The big question is: what about people? Will some people become much more comfortable with a compassionate machine and still find ‘live” people to anxiety provoking, too demanding and too annoying?
Life can be tough. Each of us “live” people have our own agenda. We want something from you, just as you want from us. That’s what relationships are. That’s why they work. That’s why they don’t work. If the machine annoys you you can unplug it. That’s not good to do to a partner.
Remember, technology is a tool. Many new innovations are offered to us every day to help us live better, easier, happier, healthier, more efficient, creative, productive and satisfying lives.
But what all those words really mean is up to each of us, individually and as a society.
Choose wisely my friends.

Monday, November 21, 2016

Fighting the Tides of Technology


The seasons are changing. It gets dark early up here on the New England coast. I walked down to the beach and there was a stiff wind blowing across the dunes, chopping up the water. I had not checked the tide clock before I left the house so I couldn’t tell if the tide was going out or coming in. It goes out a few hundred yards on this beach, so the difference is dramatic. I could have reached into my pocket and looked at the tide app on my phone but I decided to use my primitive human senses and watch the water. As I stood near the water I could tell after the third wave came rushing towards me that the tide was coming in quickly.
I can’t stop the tides, no one can. People can build a dike, a dam or levy, and hold the water back, direct it or control it. Those measures can work for a while.. The tides are constant and will keep coming, long past my lifetime. They may keep rolling in for a few billion years until the sun explodes. But unlike the tides our human societies are now in constant change, mostly due to new technologies, and despite the current chaos, and the efforts to hold on to old ways, no one can stop those changes from coming either. As Kevin Kelly said, it’s Inevitable.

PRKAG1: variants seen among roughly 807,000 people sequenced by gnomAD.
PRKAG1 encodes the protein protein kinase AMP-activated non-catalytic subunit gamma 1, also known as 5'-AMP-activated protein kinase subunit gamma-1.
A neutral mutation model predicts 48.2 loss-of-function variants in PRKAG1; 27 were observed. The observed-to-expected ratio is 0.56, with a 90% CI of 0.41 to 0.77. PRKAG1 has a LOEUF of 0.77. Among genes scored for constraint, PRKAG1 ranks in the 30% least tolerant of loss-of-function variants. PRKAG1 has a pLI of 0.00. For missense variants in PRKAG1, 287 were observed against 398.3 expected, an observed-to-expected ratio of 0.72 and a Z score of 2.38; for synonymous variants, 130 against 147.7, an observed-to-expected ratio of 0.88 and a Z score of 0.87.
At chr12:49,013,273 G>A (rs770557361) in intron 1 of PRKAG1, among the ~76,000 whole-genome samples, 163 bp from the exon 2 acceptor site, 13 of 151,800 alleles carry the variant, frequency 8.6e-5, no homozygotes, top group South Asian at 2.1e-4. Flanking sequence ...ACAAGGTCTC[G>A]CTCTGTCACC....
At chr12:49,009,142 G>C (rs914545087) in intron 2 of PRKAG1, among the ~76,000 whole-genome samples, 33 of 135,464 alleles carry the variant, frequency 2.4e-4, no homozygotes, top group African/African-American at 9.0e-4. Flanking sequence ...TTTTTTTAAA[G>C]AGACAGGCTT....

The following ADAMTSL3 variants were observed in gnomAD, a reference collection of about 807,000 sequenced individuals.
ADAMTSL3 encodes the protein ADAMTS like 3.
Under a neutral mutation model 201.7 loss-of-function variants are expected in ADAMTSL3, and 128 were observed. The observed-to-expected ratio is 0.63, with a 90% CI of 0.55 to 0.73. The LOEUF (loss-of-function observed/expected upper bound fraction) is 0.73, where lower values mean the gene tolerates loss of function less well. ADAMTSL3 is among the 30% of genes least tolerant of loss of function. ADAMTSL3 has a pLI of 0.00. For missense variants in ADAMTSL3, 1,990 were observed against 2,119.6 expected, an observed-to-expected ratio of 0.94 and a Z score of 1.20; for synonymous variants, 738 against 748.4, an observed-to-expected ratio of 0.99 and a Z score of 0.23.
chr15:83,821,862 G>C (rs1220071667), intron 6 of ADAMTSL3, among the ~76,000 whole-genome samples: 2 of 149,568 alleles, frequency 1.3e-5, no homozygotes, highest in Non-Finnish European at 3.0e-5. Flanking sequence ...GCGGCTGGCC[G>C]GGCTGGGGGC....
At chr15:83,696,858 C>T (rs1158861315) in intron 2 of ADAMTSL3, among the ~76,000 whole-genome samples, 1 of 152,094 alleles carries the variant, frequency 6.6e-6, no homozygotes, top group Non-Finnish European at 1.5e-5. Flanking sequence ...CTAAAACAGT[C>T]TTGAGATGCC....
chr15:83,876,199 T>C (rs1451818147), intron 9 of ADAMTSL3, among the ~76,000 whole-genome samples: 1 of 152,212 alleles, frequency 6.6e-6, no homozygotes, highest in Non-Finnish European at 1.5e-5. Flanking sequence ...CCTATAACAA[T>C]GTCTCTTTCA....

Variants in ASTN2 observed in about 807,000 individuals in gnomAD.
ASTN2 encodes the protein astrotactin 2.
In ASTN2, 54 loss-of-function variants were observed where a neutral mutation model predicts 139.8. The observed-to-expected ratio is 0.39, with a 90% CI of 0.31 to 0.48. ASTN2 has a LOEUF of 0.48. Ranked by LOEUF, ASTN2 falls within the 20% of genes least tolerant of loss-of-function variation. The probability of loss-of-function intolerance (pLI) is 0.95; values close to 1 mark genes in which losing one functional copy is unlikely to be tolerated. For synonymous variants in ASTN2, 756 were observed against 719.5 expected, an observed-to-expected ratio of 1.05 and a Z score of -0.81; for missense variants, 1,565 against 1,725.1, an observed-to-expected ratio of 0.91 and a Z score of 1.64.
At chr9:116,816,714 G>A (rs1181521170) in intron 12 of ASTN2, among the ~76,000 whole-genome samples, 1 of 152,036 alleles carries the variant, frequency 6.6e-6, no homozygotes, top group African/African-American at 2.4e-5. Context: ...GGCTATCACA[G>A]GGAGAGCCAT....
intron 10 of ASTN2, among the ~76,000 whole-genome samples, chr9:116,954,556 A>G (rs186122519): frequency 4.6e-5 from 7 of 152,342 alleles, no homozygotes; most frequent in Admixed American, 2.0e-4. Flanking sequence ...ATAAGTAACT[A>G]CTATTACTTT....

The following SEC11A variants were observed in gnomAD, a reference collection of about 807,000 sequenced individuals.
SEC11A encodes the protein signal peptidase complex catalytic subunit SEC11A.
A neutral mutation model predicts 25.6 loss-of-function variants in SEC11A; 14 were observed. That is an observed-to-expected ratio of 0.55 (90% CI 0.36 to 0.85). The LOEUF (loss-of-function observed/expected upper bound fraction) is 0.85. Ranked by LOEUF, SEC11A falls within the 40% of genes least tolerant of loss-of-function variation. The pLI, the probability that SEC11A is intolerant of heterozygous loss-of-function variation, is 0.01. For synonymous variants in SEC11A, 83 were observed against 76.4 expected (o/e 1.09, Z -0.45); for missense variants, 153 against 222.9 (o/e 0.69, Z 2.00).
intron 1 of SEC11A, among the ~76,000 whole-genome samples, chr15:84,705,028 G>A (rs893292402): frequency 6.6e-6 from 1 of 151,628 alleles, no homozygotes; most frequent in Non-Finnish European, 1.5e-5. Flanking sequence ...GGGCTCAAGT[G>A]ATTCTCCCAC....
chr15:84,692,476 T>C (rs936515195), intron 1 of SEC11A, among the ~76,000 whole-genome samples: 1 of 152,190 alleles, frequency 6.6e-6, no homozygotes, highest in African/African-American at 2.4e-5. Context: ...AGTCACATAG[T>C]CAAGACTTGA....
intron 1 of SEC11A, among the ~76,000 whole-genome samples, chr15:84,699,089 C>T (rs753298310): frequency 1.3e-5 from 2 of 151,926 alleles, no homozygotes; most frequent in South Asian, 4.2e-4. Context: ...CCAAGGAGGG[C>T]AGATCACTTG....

There is a battle going on to direct the tide of new technologies that are engulfing us and the winner has not yet been determined. It is a confusing struggle as it is difficult to tell who is on which side. Sometimes the innovators and developers are really on both sides at once. On one end there are the applications of technology that can bring progress toward the goal of making people’s lives healthier, happier, more prosperous and creative. At the other end there seem to be many new developments which are being used to manipulate and/ or exploit people. The determination of what will be considered beneficial has become more a question of philosophy than technology or computer science.
The New York Times, a source that I consider reliable, ran an article on November 20, 2016, about a company called Cambridge Analytics, which was based in Cambridge, UK, and funded by Robert Mercer, a hedge fund billionaire who supports many conservative causes and candidates. This company was hired by the Trump campaign.
What the company does, and I would guess that there are similar companies which work on the liberal end of the spectrum, so this isn’t a political rant, gathered data on people’s personality traits, mostly through on-line sites such as Facebook. They offered people the chance to take a personality test, a test designed by my profession (Psychology) to determine the degree to which someone possesses the personality traits of Openness, Conscientiousness,,Extraversion, Agreeableness and Neuroticism (OCEAN). The person got to see how they scored on all of these, and so did the company. Facebook also gave the company access to the names and profiles of each individual. It is easy to understand how that knowledge can be used to design specific ways to approach an individual to sell them something, even an ideology. It could help determine what kind of information this person would find persuasive and how it should be presented.